Pulling a gearbox out and replacing with another would normally be something I would leave to the experts, but the tight schedule means no availability in the  only garage I really trust to do the job properly. So needs must. I rolled my sleeves up and got stuck in. All be it a little reluctantly.

Leaking Gearbox Out

The loan gearbox was petrol, so there was always going to have to be changes made before fitting to my diesel van. The bell / clutch housing needed to be swapped over along with the input shaft. After draining the oil from both boxes I split the clutch housing from the gearbox.

Then I proceeded to change the shaft. However, on close inspection I found the diesel input shaft to be pretty badly worn where it sits in the clutch spigott bearing.

Clearly I wouldn’t want to jeopardize the next holiday by turning a blind eye to something I could rectify prior to fitting the gearbox. So I posted on social media to see if anybody had a replacement I could use. Within an hour or so I had a bite, and by the end of the day I had images as proof of the condition of a good replacement part.

The wonders of Paypal meant that my part was on its way the following day. The clutch housing has also fitted with a new input shaft seal, and 4.5l of gearbox oil purchased in readiness of gearbox rebuild completion. Hopefully, the van should be back on the road in a matter of days 🙂

Big Mirror refurb

The Atlantic was one of the few vans that came with big mirrors as standard. These were always colour coded from factory in one of three available colours. White, calypso green or red. My van on the other hand came with mat black mirrors.

black mirrors

This didn’t particularly bother me as I always knew I would get round to painting them at some point. It’s just never really been a priority, what with the van getting plenty of use during both winter and summer. However, my current situation means Wolfgang is off the road for the time being, so this became an opportunity….(always need a positive spin with these vans ?)

Unfortunately, its not quite as simple as just unscrewing them via the visible screws on the door bracket. They are heated and servo adjustable from a switch module on the left hand, drivers door. This means that the door cards have to come out on both sides. The fallowing video is a guide to removing the door cards for anybody that may need to perform this process: (courtesy of Van-Again on YouTube)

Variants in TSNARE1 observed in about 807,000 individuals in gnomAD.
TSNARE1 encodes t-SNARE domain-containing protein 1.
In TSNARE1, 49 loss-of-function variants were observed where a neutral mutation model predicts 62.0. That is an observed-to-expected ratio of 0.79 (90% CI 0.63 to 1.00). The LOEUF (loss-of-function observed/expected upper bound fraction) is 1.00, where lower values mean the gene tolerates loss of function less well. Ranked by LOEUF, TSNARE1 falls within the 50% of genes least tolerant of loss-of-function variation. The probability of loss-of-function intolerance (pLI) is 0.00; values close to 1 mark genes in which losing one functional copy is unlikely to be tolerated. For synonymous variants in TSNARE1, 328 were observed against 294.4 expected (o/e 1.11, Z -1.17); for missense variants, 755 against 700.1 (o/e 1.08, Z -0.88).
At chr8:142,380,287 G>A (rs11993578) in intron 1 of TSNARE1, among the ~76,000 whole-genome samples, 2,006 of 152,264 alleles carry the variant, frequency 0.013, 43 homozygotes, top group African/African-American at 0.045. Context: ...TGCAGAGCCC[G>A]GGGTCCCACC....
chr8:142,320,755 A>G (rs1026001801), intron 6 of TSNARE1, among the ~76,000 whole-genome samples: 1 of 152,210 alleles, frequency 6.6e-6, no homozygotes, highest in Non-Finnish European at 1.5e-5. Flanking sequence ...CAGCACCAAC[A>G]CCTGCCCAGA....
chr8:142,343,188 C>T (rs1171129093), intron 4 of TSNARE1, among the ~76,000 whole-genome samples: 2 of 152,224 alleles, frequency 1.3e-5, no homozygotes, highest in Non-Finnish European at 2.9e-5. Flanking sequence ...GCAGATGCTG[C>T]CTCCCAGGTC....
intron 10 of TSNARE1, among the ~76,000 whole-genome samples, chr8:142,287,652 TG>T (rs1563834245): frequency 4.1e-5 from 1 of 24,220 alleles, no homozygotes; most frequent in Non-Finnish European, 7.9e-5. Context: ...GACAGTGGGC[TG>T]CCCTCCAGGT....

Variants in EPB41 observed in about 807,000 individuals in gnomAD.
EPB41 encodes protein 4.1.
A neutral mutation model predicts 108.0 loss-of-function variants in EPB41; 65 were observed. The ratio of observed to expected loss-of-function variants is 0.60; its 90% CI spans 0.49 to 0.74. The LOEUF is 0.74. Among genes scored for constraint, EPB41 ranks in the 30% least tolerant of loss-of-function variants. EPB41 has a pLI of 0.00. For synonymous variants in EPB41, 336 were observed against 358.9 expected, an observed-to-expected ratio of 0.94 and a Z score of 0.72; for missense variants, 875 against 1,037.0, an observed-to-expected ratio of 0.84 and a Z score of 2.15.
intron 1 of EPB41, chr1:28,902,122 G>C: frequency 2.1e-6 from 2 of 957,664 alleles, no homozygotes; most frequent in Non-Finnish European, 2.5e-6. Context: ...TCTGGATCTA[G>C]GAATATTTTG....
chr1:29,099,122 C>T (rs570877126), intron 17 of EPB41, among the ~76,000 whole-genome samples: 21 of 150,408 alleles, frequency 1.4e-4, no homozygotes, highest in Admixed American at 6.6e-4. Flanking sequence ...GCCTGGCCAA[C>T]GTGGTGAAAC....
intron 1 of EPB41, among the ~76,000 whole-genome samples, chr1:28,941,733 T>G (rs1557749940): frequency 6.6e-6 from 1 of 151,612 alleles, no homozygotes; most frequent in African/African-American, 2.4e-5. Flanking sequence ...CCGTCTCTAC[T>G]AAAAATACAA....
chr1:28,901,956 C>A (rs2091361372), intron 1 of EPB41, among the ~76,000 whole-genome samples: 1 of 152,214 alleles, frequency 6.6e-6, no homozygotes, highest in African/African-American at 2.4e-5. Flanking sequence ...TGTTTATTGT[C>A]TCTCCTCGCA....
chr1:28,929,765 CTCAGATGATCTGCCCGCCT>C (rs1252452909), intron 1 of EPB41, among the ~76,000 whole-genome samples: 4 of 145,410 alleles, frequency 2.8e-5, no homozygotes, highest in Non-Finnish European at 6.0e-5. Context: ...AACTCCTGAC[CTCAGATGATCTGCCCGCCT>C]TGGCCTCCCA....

Below is my door after card removal:

Door card stripped

Then  electrical ‘block’ connector needs disconnecting and stripping….

Electrical block connector (needs striping)

after which the wires can then be passed through the small cable aperture to mirror.

Cable entry / exit hole in door

Its not massively difficult, but a little more involved than one would first imagine.

Then the mirrors need stripping into their basic components before paint.  Separating the bracket from the mirror was done using a pair of long nosed pliers . There is large slotted nut (1 in below image) that winds up against a perspex bush (2 in below image) and spring. Again, not the easiest thing to do especially if the nut hasn’t been removed for a number of years.

Mirror brackets removed

The mirror glass also needs to be removed. If you look closely in between the glass and the outer casing you can just see the two tabs sticking out on either side. Not particularly clear under instruction exactly how these hold the mirror in, but with a couple of knives carefully slotted down the side, and an up movement on one side, and down on the other, the mirror pulls free of the servo unit.

Wires connected to mirror are for heated / defrost function during cold weather

From the picture above I was slightly surprised to see the original colour inside the casing. I did strip one of the mirrors down even further in the hope that I could just send the plastics and bracket away for spraying, but realized the connectors on the end of the loom wouldn’t go through the hole in the bottom of the mirror. This meant they must have been crimped on after they were thread out of the aperture during construction at the factory. I wasn’t willing to cut them off and re connect after paint, so I left the whole servo assembly in the mirror. You can see more clearly the original paint in the photo below.

Original paint in mirror.

I can only assume that the original external paint must have gotten scratched, chipped or dis-couloured to the point where a previous owner decided to take matters into his own hands with a DIY spray-job using a can of mat black paint.

So this was just about as far as I could take it. I was considering getting a few rattle cans made up and having a go at painting them myself. However, these wouldn’t have been cheap, and these on top of the extra wet-n-dry emery paper and primer, would have meant that I probably wouldn’t be saving a great deal against the cost of a professional paint shop. So the paint was purchased and both mirrors and paint were taken to a body shop I had used previously to have my Fiamma Box painted.

Two Days later I collected and I must admit I am pretty happy with the results . I just need to build them up and pop them back on the van 🙂